As instructors of marine biology we have an ideal platform to introduce students to pressing marine environmental issues and a voice to encourage them to take action. We can answer the big questions posed by students, especially the question, “What can we do?”.  We can be mentors to students as they search for a career path, and we can provide them with data, information and contacts as they hone in on their career paths. In the book, Introduction to the Biology of Marine Life, Eleventh Edition, each chapter contains a Case Study highlighting a species in decline or of unknown population size (Figure 3: Introduction to the Biology of Marine Life, 11th ed. Credit: Jones and Bartlett Learning. ). Students learn about these species and are directed to websites with status reports and other species population information. Each chapter also contains Research in Progress features, highlighting research conducted around the world on marine organisms and marine physical processes. Students are introduced to the world of research and ideas for progressing the various marine science fields. Although a marine biology book, the text does focus on highlighting marine environmental issues and species in decline. For most students, being fascinated by something leads to the desire to learn more. Once one has learned more, he/she wants that “something” to remain for further inspection and to maintain the fascination. For many people, the ocean and its inhabitants are this “something”.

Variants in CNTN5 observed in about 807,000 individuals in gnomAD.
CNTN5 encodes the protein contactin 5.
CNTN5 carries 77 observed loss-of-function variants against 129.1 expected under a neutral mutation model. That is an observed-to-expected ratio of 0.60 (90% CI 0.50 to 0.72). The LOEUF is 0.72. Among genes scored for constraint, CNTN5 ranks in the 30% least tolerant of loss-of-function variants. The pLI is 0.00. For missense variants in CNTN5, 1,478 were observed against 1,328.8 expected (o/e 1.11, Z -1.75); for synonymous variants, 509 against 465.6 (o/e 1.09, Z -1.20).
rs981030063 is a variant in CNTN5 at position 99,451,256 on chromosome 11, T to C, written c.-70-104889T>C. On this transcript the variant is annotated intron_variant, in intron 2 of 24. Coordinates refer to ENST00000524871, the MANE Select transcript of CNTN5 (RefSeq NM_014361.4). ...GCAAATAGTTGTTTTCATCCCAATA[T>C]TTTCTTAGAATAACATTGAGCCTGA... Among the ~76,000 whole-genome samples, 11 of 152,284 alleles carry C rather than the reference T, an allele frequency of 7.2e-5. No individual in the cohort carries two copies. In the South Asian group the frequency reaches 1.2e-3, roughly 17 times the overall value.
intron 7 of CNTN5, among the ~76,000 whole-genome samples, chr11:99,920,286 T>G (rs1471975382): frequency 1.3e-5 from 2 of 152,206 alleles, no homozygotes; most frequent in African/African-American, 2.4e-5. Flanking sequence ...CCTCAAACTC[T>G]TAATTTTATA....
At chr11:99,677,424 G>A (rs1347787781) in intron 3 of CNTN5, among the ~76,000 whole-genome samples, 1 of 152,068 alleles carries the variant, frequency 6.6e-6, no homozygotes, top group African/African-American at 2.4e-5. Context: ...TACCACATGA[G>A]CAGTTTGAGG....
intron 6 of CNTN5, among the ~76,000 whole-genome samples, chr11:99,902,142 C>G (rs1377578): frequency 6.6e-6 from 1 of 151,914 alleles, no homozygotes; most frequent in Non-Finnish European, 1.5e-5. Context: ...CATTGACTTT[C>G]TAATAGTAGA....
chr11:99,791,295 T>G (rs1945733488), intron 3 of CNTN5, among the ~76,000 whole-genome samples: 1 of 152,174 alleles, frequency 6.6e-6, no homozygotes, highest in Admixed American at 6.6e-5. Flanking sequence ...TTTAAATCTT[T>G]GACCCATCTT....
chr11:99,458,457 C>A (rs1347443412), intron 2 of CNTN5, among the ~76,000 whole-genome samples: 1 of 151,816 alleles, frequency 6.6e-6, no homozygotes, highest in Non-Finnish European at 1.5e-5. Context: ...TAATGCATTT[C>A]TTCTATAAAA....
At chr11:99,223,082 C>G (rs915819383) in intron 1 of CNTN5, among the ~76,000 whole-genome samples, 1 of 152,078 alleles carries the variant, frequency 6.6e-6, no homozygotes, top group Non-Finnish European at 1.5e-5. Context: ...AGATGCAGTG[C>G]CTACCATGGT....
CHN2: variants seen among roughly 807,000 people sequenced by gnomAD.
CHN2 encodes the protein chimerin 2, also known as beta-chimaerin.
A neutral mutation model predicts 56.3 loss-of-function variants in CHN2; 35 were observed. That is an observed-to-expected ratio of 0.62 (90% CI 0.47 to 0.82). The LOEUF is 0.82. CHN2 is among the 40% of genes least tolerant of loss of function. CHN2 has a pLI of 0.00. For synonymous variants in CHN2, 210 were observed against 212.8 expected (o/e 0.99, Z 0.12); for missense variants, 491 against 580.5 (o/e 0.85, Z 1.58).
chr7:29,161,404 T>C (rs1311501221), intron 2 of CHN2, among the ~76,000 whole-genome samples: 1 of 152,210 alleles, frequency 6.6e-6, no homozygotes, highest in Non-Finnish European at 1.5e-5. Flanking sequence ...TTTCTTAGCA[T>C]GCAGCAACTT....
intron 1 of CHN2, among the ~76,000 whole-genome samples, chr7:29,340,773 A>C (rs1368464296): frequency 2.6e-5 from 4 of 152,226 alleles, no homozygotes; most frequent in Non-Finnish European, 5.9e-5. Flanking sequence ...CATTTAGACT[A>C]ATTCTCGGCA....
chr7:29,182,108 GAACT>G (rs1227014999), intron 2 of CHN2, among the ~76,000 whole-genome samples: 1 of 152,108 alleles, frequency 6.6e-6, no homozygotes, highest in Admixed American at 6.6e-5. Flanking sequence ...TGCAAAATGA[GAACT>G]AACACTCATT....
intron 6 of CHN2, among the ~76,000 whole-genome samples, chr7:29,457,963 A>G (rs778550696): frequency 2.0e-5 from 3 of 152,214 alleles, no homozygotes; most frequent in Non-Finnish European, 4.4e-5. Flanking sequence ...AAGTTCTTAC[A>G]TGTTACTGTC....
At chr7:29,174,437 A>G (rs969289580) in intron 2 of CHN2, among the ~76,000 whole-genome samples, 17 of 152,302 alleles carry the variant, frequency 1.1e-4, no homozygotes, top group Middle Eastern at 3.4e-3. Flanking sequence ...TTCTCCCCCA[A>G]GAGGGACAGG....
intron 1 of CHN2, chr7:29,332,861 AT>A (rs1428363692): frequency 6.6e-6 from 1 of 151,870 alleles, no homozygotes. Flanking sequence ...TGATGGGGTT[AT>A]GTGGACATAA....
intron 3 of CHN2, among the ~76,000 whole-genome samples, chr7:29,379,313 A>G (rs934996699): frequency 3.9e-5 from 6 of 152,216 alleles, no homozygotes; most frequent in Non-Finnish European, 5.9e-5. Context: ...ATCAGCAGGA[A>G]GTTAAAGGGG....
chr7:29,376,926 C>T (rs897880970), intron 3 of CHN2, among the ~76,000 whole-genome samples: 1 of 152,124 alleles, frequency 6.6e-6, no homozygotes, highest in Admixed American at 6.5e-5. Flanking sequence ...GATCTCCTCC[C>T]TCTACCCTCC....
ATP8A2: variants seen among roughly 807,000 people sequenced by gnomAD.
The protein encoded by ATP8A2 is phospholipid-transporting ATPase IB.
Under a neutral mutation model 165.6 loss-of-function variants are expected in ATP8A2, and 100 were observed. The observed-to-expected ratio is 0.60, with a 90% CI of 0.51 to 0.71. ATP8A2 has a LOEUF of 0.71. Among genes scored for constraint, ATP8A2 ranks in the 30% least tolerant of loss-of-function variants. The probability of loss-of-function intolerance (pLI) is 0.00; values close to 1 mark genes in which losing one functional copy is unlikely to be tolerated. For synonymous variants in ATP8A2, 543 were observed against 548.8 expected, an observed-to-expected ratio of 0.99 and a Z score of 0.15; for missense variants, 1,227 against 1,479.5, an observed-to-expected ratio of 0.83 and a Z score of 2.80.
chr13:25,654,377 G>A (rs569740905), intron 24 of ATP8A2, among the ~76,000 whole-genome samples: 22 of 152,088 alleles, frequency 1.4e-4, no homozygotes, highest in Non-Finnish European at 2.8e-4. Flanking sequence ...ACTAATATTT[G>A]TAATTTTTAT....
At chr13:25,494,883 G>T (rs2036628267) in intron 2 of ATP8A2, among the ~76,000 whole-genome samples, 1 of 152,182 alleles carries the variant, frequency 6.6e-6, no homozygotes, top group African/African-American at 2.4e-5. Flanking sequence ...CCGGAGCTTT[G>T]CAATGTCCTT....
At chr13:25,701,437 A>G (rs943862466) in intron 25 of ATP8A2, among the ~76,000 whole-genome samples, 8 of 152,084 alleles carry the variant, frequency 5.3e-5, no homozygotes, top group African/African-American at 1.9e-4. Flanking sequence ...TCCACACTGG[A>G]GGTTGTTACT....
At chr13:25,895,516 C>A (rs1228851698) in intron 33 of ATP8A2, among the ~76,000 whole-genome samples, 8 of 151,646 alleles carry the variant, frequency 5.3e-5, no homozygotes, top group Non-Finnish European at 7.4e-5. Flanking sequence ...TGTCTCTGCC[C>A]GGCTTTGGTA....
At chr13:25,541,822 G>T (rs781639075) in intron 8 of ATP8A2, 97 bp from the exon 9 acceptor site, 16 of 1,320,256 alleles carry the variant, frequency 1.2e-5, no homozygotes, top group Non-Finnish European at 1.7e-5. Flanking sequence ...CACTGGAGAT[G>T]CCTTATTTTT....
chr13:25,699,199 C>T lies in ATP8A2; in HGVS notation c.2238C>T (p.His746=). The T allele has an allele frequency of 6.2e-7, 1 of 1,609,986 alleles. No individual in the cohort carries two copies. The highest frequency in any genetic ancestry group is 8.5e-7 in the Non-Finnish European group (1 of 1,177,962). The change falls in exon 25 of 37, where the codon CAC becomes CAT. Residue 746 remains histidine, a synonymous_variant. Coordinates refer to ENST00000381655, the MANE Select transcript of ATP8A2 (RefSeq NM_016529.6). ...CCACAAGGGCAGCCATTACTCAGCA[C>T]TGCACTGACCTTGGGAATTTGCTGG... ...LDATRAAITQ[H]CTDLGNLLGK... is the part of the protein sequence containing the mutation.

Deanna R. Pinkard-Meier, M.S. is a professor at University of San Diego where she especially enjoys teaching marine biology, organismal biology, and evolution and introducing students to field surveDeannaPinkardMeier_blog_Scubay techniques used in the intertidal or from a boat. Before diving into teaching, she spent many years working as a research fisheries biologist for the National Oceanic and Atmospheric Administration (NOAA), studying the endangered white abalone and declining rockfish populations with a remotely operated vehicle. She resides in Cardiff-by-the-Sea, California, with her husband and two sons, where they can often be found jumping in the ocean for a surf session or snorkel. She is active in her local community where she participates in Surfrider Foundation events and volunteers as a visiting scientist at local schools.

    For more information on polar sea ice, visit: https://nsidc.org/
    For information on the state of fisheries, visit:
    https://www.fisheries.noaa.gov/welcome
    For information on sustainable fish choices, visit: http://www.seafoodwatch.org/

    Topics: Author, marine biology, marine science, Deanna Pinkard-Meier